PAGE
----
I’m sure the Identity & Passport Service (IPS) will prevent any similar frauds from occurring in the UK, but it might a precaution to design a system that makes this kind of fraud difficult. One of the ways to do this — as Neil McEvoy will be pointing out in his talk at the European e-Identity Conference in Paris in a couple of weeks — is to make a scheme symmetric. In other words, it should be as easy for a citizen to verify a policeman’s identity claims as it is for a policeman to verify a citizen’s identity claims. In particular, if the illegal immigrants in the previous example had been able ot use their mobile phones to validate the ID cards of the “NGO” workers, or indeed the “ID cards” that were being issued to them, the fraud wouldn’t have been possible. Since the proposed UK ID cards have a contactless interface, I imagine the IPS will make a freely downloadable phone application for citizens with NFC phones to use for precisely this purpose: a phone can easily check a digital signature given up by the ID card to confirm that it is real.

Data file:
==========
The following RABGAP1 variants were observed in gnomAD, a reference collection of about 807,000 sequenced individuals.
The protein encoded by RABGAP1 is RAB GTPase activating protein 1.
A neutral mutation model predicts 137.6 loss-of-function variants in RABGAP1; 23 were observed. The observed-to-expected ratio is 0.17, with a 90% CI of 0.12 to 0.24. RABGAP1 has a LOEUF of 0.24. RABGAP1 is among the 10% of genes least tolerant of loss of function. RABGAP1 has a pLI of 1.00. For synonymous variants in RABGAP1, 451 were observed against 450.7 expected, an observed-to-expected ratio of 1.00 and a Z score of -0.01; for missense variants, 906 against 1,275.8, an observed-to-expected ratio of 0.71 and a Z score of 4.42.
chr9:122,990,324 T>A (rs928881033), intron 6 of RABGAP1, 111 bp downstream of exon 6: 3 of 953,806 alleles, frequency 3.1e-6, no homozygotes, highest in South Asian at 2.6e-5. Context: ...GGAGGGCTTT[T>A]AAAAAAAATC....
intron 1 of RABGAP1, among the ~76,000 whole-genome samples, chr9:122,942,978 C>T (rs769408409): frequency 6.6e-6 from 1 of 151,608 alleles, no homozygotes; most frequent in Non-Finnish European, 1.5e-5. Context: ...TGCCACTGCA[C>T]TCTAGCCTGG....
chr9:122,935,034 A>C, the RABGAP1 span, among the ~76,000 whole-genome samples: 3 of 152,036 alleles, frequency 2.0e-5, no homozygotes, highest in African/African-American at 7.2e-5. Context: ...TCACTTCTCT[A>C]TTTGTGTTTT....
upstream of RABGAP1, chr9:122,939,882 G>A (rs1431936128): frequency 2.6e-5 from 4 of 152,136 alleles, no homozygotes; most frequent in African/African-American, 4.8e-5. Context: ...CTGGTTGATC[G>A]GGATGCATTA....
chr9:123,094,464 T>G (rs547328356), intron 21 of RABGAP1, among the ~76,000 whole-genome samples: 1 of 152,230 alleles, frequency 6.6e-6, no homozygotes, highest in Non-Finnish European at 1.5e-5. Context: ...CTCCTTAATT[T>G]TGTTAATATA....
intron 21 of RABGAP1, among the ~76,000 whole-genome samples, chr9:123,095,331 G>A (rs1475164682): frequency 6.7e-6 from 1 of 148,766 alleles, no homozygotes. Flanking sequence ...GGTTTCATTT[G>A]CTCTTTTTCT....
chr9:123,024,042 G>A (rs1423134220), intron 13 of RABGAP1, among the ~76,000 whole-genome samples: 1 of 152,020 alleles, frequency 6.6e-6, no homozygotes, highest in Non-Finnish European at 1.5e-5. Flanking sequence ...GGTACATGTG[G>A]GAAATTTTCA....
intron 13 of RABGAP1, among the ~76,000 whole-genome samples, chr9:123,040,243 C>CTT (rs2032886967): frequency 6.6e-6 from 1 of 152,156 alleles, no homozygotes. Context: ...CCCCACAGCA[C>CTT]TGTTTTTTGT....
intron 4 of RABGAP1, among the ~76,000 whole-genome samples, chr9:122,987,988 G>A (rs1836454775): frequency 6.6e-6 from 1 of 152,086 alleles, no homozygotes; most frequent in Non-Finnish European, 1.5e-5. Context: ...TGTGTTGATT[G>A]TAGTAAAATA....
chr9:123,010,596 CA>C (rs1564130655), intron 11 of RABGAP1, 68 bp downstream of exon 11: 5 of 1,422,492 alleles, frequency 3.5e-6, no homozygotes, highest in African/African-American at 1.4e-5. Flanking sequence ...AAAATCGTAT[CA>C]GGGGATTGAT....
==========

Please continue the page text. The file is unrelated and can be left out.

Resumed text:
Incidentally, if anyone happens to be passing through Hemel Hempstead this evening, I’ll be giving a talk at the British Computer Society on an alternative national identity scheme founded on these kinds of privacy-enhancing technologies, and always welcome constructive criticism.
These opinions are my own (I think) and are presented solely in my capacity as an interested member of the general public [posted with ecto]